As the new academic year gets underway, now is the time to refocus on how best to meet our goals and aspirations. College-bound high school students, their parents, school- based counselors, and independent college consultants all have at least one goal in common: to have students gain admission to several colleges that meet their academic, personal, and financial needs and preferences. Most of us would agree that having all parties on the same page and cooperating is likely to be the most successful approach.
So, how do we accomplish this?
Here are some thoughts about “Best Practices”.
Students With Both School Counselors and Independent College Counselors
If you’re a student who has both a school counselor and an independent guiding you through the college search and admission process, please…
* Understand that one does not replace the other. These two professionals have different perspectives, different pressures, and different roles. There is a great deal of variation as to how each will assist you. Be sure that you understand how each can support you, respect their different roles, and interact with each accordingly.
School Based Counselors
Are experts on school curriculum.
Understand you in context of your peers.
May/may not suggest colleges they believe will be good fits.
Likely will not have time to support individual applications.
Independent College Counselors
Will suggest colleges with probability of good fit.
May facilitate college research.
Won’t recommend you to colleges.
Assist with final decision making.
* Be both tactful and respectful when letting your school counselor know that you’re working with an independent counselor.
* Assume responsibility for your own college search and pay close attention to the information, expectations, resources, and deadlines that each counselor has made available.
If you’ve hired an independent college consultant to help you and your teen navigate the college search process, please…
* Like your teen, understand and respect the different roles, perspectives, and responsibilities of each counselor and interact with each accordingly.
* When relaying information or suggestions from one counselor to the other, be mindful that counselors want to collaborate, not be adversarial.
* Support your teen in taking charge of his/her own college search.
Whether you’re in a large public or small private school, if you know (or think) that one of your students is (may be) using an independent college counselor, please:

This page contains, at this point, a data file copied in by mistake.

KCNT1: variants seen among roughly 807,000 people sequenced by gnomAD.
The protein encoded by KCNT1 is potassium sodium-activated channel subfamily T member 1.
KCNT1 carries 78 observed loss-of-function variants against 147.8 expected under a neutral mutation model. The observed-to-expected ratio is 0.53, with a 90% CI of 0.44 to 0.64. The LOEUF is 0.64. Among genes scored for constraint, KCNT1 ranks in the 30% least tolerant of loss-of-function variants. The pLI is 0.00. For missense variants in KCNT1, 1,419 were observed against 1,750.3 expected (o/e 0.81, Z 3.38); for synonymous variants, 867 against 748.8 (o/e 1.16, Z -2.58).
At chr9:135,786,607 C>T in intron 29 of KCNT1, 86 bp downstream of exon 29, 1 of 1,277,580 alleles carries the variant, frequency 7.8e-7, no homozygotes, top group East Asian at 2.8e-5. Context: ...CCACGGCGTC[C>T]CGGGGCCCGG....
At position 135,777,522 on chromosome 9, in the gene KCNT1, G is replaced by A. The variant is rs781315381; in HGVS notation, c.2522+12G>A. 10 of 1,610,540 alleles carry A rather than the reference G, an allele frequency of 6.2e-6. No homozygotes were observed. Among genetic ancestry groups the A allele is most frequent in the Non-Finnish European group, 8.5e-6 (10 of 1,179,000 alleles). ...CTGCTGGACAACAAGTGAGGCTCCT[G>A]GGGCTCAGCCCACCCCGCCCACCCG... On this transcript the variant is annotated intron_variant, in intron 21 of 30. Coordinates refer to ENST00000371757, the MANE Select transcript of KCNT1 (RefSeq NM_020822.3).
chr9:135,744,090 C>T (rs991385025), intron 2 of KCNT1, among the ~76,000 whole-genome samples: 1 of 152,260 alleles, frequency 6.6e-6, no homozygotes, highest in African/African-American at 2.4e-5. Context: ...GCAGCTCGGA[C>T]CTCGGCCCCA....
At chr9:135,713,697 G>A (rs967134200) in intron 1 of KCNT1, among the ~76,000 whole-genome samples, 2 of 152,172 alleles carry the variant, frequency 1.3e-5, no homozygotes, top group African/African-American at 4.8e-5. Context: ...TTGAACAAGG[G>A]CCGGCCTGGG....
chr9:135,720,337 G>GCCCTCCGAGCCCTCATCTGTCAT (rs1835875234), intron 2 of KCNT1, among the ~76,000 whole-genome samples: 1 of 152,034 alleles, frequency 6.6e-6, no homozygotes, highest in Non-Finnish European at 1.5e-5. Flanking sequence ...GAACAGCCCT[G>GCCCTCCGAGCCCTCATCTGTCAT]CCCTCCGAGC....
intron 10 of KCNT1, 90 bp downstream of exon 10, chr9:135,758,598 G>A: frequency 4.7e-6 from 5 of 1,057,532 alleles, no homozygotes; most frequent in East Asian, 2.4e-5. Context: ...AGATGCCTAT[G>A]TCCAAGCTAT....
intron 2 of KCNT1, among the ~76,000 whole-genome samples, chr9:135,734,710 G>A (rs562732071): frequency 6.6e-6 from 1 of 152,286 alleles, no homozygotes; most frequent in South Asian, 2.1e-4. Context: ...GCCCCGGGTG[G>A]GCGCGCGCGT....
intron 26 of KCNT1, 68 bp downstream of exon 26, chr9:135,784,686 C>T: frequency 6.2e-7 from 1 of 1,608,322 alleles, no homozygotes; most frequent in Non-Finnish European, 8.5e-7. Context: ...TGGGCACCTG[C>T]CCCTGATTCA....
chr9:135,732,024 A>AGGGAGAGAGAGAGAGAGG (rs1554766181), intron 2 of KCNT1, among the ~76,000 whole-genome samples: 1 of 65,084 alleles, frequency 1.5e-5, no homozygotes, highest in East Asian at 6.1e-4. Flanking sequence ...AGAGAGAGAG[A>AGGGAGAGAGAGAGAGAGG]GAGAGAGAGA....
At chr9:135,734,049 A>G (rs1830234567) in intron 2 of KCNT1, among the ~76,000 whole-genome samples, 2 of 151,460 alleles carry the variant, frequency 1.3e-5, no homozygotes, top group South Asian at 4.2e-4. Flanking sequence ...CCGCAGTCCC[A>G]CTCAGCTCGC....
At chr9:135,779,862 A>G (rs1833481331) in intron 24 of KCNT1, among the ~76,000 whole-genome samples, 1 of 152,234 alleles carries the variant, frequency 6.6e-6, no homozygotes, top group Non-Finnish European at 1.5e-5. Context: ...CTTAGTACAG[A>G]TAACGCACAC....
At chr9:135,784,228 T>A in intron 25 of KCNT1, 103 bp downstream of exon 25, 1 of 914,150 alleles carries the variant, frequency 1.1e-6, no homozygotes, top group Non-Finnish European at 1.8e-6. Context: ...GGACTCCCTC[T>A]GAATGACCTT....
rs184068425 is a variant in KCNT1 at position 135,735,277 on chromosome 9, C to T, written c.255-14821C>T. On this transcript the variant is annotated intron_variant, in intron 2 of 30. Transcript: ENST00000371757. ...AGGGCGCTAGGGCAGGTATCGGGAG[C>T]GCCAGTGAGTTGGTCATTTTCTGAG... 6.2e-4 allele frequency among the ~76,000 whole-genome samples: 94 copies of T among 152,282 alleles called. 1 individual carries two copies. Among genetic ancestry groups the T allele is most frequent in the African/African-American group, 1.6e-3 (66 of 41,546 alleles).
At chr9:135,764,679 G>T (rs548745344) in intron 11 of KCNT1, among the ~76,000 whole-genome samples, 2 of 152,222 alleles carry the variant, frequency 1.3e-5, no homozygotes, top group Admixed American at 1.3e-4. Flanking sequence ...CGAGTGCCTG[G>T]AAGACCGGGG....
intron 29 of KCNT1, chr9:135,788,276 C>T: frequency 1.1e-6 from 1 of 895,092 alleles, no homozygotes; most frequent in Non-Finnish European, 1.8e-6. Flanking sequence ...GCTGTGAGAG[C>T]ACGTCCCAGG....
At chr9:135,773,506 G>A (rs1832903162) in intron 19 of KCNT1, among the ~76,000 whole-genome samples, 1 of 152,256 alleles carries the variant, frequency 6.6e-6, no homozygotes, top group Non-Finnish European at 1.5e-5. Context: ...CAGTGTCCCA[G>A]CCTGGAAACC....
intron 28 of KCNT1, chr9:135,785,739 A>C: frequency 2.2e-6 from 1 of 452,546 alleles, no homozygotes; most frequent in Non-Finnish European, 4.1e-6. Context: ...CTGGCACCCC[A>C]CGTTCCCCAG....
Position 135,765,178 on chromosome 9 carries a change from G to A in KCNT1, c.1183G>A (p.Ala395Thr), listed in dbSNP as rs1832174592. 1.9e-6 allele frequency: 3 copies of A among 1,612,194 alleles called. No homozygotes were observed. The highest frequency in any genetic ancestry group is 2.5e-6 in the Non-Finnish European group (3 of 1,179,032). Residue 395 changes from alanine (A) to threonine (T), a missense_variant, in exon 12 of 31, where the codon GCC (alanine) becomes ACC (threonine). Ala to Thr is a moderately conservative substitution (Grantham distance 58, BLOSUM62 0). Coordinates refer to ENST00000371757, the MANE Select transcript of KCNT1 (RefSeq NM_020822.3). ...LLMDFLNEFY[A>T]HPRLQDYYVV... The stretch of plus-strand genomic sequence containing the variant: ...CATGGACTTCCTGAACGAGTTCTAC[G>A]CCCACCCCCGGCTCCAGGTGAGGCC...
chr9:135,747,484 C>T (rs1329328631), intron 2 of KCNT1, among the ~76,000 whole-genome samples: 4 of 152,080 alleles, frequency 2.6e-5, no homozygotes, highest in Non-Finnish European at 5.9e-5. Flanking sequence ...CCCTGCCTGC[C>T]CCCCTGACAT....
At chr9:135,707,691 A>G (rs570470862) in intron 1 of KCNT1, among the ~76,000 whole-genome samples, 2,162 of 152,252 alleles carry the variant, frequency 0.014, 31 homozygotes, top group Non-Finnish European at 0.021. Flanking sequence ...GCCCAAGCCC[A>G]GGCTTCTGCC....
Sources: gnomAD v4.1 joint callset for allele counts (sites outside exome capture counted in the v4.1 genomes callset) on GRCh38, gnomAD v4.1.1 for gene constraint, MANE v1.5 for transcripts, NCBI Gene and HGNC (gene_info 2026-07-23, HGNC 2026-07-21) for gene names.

* Clarify any uncertainty.
* Understand that independents recognize the pressures you face and know that you’re working hard to meet the needs of students.
* Know that reputable independent consultants respect your perspective and want to collaborate with you, not replace you.
* Recognize that what a student has relayed from an independent likely has been “filtered” either intentionally or unintentionally and may not be what the independent actually said.
* When in question about an independent, reach out and contact him/her. We welcome partnering with you and, as long as we have permission from our students and their parents, we’re happy to discuss them with you.
* Get to know the independent college counselors in your area, either by participating with them in local professional development activities, or by inviting them to meet with your department.
Independent College Consultants
Most of our students have school-based counselors and it is their best interests that we work constructively together. Please:
* Understand that school-based counselors frequently have a wide range of responsibilities and depending on their school size, hundreds of students in their caseload. College counseling may be only one small part of their job.
* Explain to your client families the different roles of school counselors and independents and emphasize that one does not replace the other.
* Ask your client families to sign information release consents and reach out to their school-based counselors in a respectful and meaningful way.
* If given permission to do so, contact school counselors. Ask how you can work with them most effectively and what, if anything, they would like from you.
* Support the policies and procedures that school counseling departments have in place to regarding curricula, recommendations, and transcript requests.
For further thoughts about counselors as team players, see https://www.nacacnet.org/news–publications/publications/journal-of-college-admission/how-iecs-fit-into-the-counseling-puzzle/
Here’s to a new school year! Cheers everyone.